Infinite jest

David Foster Wallace

Book - 1996

A spoof on our culture featuring a drug-and-alcohol rehabilitation house near Boston. The center becomes a hotbed of revolutionary activity by Quebec separatists in revolt against the Organization of North American Nations which now rules the continent.

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FICTION/Wallace, David Foster
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Subjects
Genres
Humorous stories
Published
Boston, Mass. : Little, Brown and Company c1996.
Edition
1st ed
Language
English
Item Description
"A novel."
Physical Description
xv, 1079 p.
ISBN
9780316066525
0316066524
0316920045
0316921173
Main Author
David Foster Wallace (-)
Review by Publishers Weekly Reviews

With its baroque subplots, zany political satire, morbid, cerebral humor and astonishing range of cultural references, Wallace's brilliant but somewhat bloated dirigible of a second novel (after The Broom in the System) will appeal to steadfast readers of Pynchon and Gaddis. But few others will have the stamina for it. Set in an absurd yet uncanny near-future, with a cast of hundreds and close to 400 footnotes, Wallace's story weaves between two surprisingly similar locales: Ennet House, a halfway-house in the Boston Suburbs, and the adjacent Enfield Tennis Academy. It is the ``Year of the Depend Adult Undergarment'' (each calendar year is now subsidized by retail advertising); the U.S. and Canada have been subsumed by the Organization of North American Nations, unleashing a torrent of anti-O.N.A.N.ist terrorism by Quebecois separatists; drug problems are widespread; the Northeastern continent is a giant toxic waste dump; and CD-like ``entertainment cartridges'' are the prevalent leisure activity. The novel hinges on the dysfunctional family of E.T.A.'s founder, optical-scientist-turned-cult-filmmaker Dr. James Incandenza (aka Himself), who took his life shortly after producing a mysterious film called Infinite Jest, which is supposedly so addictively entertaining as to bring about a total neural meltdown in its viewer. As Himself's estranged sons?professional football punter Orin, introverted tennis star Hal and deformed naif Mario?come to terms with his suicide and legacy, they and the residents of Ennet House become enmeshed in the machinations of the wheelchair-bound leader of a Quebecois separatist faction, who hopes to disseminate cartridges of Infinite Jest and thus shred the social fabric of O.N.A.N. With its hilarious riffs on themes like addiction, 12-step programs, technology and waste management (in all its scatological implications), this tome is highly engrossing?in small doses. Yet the nebulous, resolutionless ending serves to underscore Wallace's underlying failure to find a suitable novelistic shape for his ingenious and often outrageously funny material. (Feb.) Copyright 1995 Cahners Business Information.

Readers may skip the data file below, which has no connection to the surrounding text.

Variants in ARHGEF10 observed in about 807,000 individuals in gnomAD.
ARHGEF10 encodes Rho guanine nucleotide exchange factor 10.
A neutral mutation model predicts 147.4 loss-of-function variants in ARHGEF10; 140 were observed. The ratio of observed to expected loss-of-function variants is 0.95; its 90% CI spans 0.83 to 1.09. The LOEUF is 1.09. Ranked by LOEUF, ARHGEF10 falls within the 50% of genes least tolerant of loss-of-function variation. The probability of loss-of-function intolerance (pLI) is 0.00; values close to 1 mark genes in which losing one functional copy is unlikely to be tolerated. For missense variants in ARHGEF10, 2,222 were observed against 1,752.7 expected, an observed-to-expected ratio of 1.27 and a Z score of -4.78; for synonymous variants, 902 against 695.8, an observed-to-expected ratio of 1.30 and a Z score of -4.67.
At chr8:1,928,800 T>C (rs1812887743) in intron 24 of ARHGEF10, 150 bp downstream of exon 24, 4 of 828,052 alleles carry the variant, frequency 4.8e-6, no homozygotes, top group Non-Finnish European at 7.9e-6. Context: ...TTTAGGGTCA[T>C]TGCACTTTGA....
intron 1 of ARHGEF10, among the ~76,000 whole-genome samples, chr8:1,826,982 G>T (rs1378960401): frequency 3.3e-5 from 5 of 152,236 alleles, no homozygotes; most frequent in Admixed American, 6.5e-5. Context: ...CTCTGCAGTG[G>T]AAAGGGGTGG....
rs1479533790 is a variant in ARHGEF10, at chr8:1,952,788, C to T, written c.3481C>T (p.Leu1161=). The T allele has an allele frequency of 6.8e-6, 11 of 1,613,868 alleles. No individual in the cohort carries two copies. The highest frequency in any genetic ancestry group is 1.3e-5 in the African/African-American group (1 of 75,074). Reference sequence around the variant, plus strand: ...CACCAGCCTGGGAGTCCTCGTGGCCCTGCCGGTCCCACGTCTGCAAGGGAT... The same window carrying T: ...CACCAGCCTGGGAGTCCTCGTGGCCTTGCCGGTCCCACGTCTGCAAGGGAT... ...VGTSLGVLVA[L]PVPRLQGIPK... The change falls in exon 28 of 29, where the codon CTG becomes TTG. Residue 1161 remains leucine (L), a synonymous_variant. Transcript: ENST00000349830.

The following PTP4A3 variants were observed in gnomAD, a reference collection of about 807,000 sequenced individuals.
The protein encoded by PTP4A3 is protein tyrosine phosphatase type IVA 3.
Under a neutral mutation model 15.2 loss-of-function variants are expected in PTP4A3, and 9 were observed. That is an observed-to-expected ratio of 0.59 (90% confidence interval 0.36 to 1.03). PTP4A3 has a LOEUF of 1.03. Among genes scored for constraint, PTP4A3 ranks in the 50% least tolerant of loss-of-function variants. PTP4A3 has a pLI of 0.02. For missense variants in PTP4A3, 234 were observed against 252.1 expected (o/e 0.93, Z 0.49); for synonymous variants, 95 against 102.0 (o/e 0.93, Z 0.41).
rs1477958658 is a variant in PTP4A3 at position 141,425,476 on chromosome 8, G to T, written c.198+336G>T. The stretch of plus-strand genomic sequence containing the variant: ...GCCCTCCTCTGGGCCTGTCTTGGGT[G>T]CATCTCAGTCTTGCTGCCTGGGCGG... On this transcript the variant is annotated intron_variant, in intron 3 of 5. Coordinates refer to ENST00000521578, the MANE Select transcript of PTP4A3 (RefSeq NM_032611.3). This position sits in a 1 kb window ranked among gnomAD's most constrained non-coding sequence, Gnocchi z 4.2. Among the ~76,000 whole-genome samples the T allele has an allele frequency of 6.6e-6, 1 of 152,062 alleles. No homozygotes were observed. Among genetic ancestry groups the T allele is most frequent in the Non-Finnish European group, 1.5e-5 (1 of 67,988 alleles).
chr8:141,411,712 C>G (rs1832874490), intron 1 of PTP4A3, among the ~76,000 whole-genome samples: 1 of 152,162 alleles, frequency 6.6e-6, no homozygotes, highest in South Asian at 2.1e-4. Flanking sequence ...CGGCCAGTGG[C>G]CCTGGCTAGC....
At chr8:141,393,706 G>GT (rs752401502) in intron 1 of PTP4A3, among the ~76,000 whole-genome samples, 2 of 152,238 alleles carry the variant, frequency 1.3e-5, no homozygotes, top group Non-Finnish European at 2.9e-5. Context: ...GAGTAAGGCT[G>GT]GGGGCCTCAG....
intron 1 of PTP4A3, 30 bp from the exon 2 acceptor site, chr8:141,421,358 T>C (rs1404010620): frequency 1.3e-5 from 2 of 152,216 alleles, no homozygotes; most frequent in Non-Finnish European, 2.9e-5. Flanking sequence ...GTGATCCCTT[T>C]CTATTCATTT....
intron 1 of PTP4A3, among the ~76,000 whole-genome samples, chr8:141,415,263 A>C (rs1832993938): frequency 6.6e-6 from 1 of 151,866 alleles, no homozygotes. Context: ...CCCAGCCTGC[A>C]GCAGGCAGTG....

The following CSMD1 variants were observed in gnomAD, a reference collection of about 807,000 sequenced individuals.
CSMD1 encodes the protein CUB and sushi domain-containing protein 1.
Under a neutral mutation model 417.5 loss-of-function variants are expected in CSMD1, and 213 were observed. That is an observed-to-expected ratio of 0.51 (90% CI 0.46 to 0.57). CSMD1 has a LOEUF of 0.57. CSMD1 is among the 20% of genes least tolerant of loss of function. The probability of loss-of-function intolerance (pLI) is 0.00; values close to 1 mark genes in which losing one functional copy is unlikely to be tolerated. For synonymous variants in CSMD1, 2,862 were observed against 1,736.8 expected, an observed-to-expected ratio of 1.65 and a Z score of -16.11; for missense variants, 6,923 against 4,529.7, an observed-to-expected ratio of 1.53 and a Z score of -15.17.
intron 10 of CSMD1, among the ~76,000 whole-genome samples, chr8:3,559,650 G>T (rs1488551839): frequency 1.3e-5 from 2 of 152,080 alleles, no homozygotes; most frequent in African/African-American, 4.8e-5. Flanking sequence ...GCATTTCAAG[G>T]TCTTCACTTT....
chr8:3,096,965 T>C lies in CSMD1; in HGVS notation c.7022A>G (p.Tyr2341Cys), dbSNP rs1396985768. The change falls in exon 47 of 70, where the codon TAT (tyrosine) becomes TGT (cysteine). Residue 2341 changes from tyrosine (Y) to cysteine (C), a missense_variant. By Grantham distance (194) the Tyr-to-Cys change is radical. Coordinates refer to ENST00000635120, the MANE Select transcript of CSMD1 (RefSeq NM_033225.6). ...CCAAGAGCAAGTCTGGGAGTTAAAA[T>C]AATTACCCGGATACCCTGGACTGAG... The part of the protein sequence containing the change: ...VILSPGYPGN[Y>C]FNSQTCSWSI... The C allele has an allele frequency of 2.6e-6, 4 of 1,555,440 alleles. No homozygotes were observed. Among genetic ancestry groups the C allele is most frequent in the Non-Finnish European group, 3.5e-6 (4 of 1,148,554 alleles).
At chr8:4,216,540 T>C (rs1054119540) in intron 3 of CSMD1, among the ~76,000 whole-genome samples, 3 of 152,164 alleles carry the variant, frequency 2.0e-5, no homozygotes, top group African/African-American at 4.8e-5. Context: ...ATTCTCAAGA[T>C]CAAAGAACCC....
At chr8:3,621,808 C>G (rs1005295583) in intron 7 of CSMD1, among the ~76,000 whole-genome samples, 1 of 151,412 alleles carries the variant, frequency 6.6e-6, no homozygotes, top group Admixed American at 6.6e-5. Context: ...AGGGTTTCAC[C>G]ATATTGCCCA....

Review by School Library Journal Reviews

Wallace's second novel is not for the faint-hearted or the weak-wristed. Wallace (The Girl with Curious Hair, LJ 7/89) throws everything he knows and he knows plenty into this river of stories. If you can stand the extreme length, ignore the footnotes, and have a bed-desk to rest this tome on, this book can be fun. Wallace sandwiches more than you'd ever want to know about a private tennis boarding school, Quebec separatists, a drug-and-alcohol addict's halfway house, potheads, and other topics both trendy and not in between E-mail messages, admissions reports, headlines, and other real-life documents, or pseudo-documents. Too much happens here even to begin to summarize, but the author has a wicked sense of humor and a wonderful eye for capturing the odd juxtapositions of modern life. Besides his lack of conciseness, Wallace's other main weakness is dialog: nobody talks as cleverly as most of his characters do. Distinct, idiomatic, wild, and crazy, this book is destined to have a cult following. Recommended for most fiction collections. Doris Lynch, Monroe Cty. P.L., Bloomington, Ind. Copyright 1998 Library Journal Reviews